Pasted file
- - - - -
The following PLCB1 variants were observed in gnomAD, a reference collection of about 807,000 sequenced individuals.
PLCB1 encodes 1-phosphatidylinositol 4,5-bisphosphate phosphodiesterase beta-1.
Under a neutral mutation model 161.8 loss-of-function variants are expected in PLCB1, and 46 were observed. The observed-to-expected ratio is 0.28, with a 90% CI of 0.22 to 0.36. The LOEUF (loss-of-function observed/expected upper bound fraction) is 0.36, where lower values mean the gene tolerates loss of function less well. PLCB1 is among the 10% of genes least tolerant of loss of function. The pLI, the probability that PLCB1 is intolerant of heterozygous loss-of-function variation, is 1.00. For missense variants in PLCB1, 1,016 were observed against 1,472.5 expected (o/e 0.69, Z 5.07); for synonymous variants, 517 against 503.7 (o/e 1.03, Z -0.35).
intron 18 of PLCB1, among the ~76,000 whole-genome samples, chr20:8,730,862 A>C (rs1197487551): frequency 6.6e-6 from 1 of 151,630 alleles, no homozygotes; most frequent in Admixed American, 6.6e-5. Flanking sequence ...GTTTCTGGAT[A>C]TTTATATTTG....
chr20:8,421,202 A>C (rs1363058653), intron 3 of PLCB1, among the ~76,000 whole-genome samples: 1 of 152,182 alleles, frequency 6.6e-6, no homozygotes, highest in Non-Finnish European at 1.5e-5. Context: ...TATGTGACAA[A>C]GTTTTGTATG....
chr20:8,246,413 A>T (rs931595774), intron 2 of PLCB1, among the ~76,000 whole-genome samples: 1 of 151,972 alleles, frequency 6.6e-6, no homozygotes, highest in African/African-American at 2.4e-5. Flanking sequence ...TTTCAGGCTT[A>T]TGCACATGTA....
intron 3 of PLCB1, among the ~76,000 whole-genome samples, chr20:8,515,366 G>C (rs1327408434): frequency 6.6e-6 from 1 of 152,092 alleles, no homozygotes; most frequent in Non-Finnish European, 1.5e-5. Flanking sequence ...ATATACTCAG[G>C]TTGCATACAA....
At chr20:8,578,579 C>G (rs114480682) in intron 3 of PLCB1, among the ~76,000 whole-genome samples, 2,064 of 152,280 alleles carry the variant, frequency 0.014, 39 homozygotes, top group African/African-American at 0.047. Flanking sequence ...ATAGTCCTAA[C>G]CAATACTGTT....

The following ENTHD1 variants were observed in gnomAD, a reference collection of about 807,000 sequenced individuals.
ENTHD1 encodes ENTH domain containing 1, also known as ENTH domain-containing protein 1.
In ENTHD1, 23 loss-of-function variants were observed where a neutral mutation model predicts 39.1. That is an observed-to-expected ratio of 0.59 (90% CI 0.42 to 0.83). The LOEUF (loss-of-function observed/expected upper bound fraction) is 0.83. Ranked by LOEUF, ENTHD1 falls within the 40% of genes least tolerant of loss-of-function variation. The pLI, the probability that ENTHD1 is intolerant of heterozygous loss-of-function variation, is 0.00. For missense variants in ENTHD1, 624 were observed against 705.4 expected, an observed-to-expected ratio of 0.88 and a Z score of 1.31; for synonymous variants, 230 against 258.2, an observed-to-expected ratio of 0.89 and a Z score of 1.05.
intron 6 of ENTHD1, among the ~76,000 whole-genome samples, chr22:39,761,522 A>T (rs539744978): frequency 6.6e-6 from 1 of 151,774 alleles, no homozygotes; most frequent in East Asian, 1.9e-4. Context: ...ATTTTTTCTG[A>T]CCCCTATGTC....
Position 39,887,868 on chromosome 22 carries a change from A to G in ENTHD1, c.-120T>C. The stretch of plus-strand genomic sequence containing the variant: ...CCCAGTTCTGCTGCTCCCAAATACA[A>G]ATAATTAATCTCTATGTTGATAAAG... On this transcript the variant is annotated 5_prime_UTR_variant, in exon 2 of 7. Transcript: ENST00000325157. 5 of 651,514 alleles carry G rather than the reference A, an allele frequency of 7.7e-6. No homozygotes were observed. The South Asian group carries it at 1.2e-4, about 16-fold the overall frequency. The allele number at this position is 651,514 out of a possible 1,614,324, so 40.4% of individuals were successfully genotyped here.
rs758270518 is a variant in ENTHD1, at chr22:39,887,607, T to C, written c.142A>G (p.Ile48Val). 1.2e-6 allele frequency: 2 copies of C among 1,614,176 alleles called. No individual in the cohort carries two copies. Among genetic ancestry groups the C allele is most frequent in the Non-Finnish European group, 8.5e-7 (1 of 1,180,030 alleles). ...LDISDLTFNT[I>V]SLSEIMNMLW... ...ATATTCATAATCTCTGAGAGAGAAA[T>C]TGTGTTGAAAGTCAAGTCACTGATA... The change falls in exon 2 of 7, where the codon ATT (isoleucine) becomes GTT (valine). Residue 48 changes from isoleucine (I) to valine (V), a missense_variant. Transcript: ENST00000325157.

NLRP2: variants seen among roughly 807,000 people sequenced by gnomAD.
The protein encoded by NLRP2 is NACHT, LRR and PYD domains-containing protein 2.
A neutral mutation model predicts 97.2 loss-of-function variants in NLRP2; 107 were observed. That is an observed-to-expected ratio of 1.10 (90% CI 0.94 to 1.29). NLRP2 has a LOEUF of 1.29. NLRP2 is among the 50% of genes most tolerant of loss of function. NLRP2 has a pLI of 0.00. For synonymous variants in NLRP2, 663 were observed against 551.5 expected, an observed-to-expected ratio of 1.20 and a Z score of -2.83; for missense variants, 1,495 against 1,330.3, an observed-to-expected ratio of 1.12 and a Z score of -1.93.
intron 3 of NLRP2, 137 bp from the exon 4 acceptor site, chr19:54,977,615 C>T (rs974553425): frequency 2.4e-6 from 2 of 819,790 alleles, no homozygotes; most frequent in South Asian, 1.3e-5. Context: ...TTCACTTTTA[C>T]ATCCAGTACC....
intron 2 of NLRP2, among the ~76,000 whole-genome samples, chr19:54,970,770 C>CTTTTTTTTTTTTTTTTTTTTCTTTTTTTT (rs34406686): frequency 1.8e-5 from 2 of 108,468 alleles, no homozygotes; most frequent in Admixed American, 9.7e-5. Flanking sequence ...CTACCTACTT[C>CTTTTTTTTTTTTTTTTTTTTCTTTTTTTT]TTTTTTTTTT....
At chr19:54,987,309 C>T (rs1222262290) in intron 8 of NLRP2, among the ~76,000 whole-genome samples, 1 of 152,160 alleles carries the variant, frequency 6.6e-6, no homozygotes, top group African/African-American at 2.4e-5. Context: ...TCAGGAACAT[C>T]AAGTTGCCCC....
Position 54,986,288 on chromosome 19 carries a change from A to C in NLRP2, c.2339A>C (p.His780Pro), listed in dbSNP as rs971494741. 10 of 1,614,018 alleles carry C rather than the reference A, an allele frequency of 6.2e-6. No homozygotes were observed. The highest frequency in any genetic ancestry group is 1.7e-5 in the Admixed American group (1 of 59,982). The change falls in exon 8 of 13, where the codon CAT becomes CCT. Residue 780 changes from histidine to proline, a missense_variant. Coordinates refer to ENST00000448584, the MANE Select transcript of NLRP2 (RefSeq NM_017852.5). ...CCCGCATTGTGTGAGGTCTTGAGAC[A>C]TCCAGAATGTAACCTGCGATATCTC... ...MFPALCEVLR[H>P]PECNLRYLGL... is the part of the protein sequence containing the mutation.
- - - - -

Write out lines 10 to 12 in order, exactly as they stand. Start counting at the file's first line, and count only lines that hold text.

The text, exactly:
ENTHD1 encodes ENTH domain containing 1, also known as ENTH domain-containing protein 1.
In ENTHD1, 23 loss-of-function variants were observed where a neutral mutation model predicts 39.1. That is an observed-to-expected ratio of 0.59 (90% CI 0.42 to 0.83). The LOEUF (loss-of-function observed/expected upper bound fraction) is 0.83. Ranked by LOEUF, ENTHD1 falls within the 40% of genes least tolerant of loss-of-function variation. The pLI, the probability that ENTHD1 is intolerant of heterozygous loss-of-function variation, is 0.00. For missense variants in ENTHD1, 624 were observed against 705.4 expected, an observed-to-expected ratio of 0.88 and a Z score of 1.31; for synonymous variants, 230 against 258.2, an observed-to-expected ratio of 0.89 and a Z score of 1.05.
intron 6 of ENTHD1, among the ~76,000 whole-genome samples, chr22:39,761,522 A>T (rs539744978): frequency 6.6e-6 from 1 of 151,774 alleles, no homozygotes; most frequent in East Asian, 1.9e-4. Context: ...ATTTTTTCTG[A>T]CCCCTATGTC....